Plants of Indian Creek – Texas Bluebonnet

It’s early April, so all over Texas, people are following a grand tradition – pulling over to the side of the road and exiting for their yearly photo op in nature.  The bluebonnets are blooming!

Everybody knows that bluebonnets are the state flower of Texas — but did you know that there are actually five species in that category?*  In 1901, when the bluebonnet was made the official state flower, the species chosen was the Sandyland bluebonnet  (Lupinus subcarnosus), which grows better in East Texas and is less showy.  People preferred the fuller blooms of the Texas bluebonnet (Lupinus texenis), so the Legislature decreed that all flowers of the Lupinus taxa would be considered the state flower.

Texas Bluebonnets.  Photo by Jo Roberts.

Texas Bluebonnets. Photo by Jo Roberts.

The other three species are Lupinus havardii, which is the very tall and thin Big Bend bluebonnet; Lupinus plattensis, which is the Dune bluebonnet found in the Panhandle, and Lupinus concinnus, the small Annual lupine,which is found near El Paso.  It has hairy leaves and small purple blooms.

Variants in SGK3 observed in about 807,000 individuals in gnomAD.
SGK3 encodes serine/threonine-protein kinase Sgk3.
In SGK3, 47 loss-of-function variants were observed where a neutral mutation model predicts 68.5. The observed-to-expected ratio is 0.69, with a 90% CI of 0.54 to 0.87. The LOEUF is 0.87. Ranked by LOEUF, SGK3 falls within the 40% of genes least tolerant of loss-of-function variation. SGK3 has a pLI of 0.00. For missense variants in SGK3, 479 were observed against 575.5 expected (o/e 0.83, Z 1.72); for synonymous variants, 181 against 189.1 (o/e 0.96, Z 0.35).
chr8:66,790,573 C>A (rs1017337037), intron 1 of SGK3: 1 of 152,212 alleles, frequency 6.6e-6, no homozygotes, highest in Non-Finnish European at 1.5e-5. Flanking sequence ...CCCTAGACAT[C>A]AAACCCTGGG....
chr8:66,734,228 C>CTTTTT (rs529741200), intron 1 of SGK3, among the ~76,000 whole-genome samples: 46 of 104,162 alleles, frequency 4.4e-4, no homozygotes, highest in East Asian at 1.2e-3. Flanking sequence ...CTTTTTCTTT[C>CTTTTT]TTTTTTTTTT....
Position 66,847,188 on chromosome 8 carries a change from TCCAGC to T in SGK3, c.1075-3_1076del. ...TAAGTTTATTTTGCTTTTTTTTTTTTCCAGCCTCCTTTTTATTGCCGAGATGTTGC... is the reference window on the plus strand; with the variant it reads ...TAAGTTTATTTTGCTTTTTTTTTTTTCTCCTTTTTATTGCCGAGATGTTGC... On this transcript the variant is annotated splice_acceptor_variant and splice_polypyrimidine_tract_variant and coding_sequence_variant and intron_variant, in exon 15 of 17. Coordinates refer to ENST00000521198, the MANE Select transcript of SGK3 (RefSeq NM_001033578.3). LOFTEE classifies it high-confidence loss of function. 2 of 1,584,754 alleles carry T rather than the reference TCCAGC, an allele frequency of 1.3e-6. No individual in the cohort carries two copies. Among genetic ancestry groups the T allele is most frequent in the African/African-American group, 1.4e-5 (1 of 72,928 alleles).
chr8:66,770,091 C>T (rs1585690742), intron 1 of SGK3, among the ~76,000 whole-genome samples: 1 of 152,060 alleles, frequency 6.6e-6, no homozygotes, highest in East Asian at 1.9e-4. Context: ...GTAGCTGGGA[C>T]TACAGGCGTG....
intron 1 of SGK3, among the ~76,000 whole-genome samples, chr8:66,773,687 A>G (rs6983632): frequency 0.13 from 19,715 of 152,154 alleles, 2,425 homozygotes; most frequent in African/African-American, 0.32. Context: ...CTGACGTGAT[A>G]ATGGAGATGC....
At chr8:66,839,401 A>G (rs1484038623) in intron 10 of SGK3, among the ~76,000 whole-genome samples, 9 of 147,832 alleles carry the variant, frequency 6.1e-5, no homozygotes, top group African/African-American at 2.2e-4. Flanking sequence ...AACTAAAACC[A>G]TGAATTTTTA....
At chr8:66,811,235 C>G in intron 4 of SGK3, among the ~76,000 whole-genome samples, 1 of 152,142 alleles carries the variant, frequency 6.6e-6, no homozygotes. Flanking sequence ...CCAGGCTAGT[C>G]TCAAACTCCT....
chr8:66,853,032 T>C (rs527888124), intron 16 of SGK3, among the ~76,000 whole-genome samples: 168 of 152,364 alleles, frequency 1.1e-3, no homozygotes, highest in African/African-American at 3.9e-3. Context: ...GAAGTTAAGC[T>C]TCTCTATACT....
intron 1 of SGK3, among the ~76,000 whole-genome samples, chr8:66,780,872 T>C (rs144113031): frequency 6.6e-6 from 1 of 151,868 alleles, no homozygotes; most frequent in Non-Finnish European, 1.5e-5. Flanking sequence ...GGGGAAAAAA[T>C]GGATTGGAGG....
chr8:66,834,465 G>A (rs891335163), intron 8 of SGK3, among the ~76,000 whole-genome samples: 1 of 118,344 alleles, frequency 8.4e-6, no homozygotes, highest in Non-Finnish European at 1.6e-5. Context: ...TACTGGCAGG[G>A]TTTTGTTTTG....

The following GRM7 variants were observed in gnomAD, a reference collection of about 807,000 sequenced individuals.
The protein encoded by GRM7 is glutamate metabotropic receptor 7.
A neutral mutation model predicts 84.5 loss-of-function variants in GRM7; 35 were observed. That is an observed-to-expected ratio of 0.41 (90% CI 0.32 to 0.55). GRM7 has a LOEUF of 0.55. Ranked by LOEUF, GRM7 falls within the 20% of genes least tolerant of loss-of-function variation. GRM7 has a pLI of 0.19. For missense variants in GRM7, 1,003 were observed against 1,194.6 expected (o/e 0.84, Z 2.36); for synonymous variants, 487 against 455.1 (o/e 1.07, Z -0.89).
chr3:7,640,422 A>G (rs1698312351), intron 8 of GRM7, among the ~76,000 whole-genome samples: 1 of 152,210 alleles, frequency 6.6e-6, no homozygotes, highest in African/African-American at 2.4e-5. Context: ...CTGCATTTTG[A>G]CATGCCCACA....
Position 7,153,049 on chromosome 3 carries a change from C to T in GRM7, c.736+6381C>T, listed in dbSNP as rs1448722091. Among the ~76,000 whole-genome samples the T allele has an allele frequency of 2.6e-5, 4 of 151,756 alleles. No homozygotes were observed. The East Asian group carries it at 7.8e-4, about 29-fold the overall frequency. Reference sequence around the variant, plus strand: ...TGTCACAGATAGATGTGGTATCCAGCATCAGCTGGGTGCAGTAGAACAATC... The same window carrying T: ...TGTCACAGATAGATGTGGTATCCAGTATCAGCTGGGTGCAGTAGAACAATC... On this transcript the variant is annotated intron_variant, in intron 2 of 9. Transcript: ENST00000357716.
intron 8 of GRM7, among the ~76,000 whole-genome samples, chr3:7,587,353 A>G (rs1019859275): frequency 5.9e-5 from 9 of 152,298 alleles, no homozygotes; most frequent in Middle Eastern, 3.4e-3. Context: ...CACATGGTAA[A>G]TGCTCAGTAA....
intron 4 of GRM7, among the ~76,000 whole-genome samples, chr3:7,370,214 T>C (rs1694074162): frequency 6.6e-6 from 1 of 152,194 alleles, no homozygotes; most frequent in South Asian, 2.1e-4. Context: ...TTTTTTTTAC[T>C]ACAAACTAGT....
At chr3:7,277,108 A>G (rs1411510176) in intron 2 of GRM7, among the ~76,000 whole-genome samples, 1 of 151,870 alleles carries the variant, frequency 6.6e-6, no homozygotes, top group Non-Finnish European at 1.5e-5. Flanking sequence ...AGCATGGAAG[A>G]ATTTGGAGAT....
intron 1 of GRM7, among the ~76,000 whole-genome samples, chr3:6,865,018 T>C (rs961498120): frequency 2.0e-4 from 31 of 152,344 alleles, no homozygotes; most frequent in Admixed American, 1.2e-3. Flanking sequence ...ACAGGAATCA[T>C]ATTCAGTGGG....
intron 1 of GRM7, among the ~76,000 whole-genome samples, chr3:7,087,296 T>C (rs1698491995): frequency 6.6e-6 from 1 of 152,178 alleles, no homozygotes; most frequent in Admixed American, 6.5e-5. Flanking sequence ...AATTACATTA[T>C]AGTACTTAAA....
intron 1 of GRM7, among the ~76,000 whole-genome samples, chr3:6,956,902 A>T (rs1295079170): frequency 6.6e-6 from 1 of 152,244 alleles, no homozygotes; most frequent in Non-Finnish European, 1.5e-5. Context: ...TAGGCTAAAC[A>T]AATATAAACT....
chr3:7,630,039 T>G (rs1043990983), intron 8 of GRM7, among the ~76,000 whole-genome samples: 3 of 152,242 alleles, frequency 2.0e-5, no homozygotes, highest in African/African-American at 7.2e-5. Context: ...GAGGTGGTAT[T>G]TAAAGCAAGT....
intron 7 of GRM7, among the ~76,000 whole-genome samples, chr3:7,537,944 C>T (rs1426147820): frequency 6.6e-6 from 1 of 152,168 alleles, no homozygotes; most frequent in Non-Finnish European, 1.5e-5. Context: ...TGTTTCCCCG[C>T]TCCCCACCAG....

Taking a closer look at the Texas bluebonnet, you can tell if one of the individual flowers on the stem has been pollinated, because the white spot on the flower will turn to dark red or purple.

Pollinated and unpollinated flowers on the same stem.

Pollinated and unpollinated flowers on the same stem. If you look closely, you can see some tiny insects too.  Photo by Jo Roberts.

And speaking of colors, what do you call one of these flowers if it is white?  A whitebonnet?

Ha ha, no, of course not!  We love our bluebonnets (and the proper flower name is one word), and don’t want to go confusing people with new-fangled terms, so it is a white bluebonnet.

And sometimes there are even pink bluebonnets, but as legend has it, only south of the Alamo.

You can read a lot more about bluebonnet history, how bluebonnets beneficially fix nitrogen in the soil, and even the breeding of maroon bluebonnets here.

*The Lady Bird Johnson Wildflower Center says six species, but they don’t give details about the sixth, and my other sources say five.  If you can tell us about the mysterious sixth species, we would love to hear about it!